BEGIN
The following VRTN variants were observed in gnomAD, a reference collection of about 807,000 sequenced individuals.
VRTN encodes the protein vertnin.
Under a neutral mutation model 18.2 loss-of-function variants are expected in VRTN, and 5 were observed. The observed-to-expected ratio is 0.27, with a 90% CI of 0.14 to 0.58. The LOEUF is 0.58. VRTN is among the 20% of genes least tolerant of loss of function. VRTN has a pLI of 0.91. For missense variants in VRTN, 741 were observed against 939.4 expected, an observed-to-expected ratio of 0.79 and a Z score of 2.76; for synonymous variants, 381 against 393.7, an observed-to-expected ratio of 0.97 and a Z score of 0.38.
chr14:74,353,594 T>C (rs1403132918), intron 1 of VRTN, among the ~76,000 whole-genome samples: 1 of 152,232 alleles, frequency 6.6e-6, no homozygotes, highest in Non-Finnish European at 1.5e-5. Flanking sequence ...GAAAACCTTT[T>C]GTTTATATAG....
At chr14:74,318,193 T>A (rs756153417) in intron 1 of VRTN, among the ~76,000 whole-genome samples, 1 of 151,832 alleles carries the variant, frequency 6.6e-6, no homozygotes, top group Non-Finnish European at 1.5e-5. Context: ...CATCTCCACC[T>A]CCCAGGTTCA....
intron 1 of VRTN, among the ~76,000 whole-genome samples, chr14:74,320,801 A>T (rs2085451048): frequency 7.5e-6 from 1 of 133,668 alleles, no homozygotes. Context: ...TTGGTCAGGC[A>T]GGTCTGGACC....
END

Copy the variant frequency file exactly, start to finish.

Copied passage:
The following VRTN variants were observed in gnomAD, a reference collection of about 807,000 sequenced individuals.
VRTN encodes the protein vertnin.
Under a neutral mutation model 18.2 loss-of-function variants are expected in VRTN, and 5 were observed. The observed-to-expected ratio is 0.27, with a 90% CI of 0.14 to 0.58. The LOEUF is 0.58. VRTN is among the 20% of genes least tolerant of loss of function. VRTN has a pLI of 0.91. For missense variants in VRTN, 741 were observed against 939.4 expected, an observed-to-expected ratio of 0.79 and a Z score of 2.76; for synonymous variants, 381 against 393.7, an observed-to-expected ratio of 0.97 and a Z score of 0.38.
chr14:74,353,594 T>C (rs1403132918), intron 1 of VRTN, among the ~76,000 whole-genome samples: 1 of 152,232 alleles, frequency 6.6e-6, no homozygotes, highest in Non-Finnish European at 1.5e-5. Flanking sequence ...GAAAACCTTT[T>C]GTTTATATAG....
At chr14:74,318,193 T>A (rs756153417) in intron 1 of VRTN, among the ~76,000 whole-genome samples, 1 of 151,832 alleles carries the variant, frequency 6.6e-6, no homozygotes, top group Non-Finnish European at 1.5e-5. Context: ...CATCTCCACC[T>A]CCCAGGTTCA....
intron 1 of VRTN, among the ~76,000 whole-genome samples, chr14:74,320,801 A>T (rs2085451048): frequency 7.5e-6 from 1 of 133,668 alleles, no homozygotes. Context: ...TTGGTCAGGC[A>T]GGTCTGGACC....